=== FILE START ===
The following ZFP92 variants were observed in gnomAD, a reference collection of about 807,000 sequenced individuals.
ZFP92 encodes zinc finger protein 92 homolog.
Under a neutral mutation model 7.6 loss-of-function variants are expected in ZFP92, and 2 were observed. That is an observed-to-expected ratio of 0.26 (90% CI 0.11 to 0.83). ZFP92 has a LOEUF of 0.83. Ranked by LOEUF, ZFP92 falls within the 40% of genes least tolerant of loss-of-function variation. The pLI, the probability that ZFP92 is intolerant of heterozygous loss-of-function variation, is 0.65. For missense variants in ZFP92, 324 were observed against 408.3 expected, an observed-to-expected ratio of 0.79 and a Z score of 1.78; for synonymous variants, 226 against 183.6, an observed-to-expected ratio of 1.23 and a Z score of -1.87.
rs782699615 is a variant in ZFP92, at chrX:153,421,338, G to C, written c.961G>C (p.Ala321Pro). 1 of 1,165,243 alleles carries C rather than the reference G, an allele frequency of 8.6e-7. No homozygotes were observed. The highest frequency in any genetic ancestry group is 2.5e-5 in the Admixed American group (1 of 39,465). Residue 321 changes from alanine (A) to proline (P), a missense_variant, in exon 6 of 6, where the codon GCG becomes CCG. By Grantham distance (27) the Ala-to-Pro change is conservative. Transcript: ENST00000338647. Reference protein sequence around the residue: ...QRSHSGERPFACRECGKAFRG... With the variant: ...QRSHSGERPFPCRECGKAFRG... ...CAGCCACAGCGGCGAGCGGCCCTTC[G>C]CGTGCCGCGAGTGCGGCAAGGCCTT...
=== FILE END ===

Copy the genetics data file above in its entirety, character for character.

The following ZFP92 variants were observed in gnomAD, a reference collection of about 807,000 sequenced individuals.
ZFP92 encodes zinc finger protein 92 homolog.
Under a neutral mutation model 7.6 loss-of-function variants are expected in ZFP92, and 2 were observed. That is an observed-to-expected ratio of 0.26 (90% CI 0.11 to 0.83). ZFP92 has a LOEUF of 0.83. Ranked by LOEUF, ZFP92 falls within the 40% of genes least tolerant of loss-of-function variation. The pLI, the probability that ZFP92 is intolerant of heterozygous loss-of-function variation, is 0.65. For missense variants in ZFP92, 324 were observed against 408.3 expected, an observed-to-expected ratio of 0.79 and a Z score of 1.78; for synonymous variants, 226 against 183.6, an observed-to-expected ratio of 1.23 and a Z score of -1.87.
rs782699615 is a variant in ZFP92, at chrX:153,421,338, G to C, written c.961G>C (p.Ala321Pro). 1 of 1,165,243 alleles carries C rather than the reference G, an allele frequency of 8.6e-7. No homozygotes were observed. The highest frequency in any genetic ancestry group is 2.5e-5 in the Admixed American group (1 of 39,465). Residue 321 changes from alanine (A) to proline (P), a missense_variant, in exon 6 of 6, where the codon GCG becomes CCG. By Grantham distance (27) the Ala-to-Pro change is conservative. Transcript: ENST00000338647. Reference protein sequence around the residue: ...QRSHSGERPFACRECGKAFRG... With the variant: ...QRSHSGERPFPCRECGKAFRG... ...CAGCCACAGCGGCGAGCGGCCCTTC[G>C]CGTGCCGCGAGTGCGGCAAGGCCTT...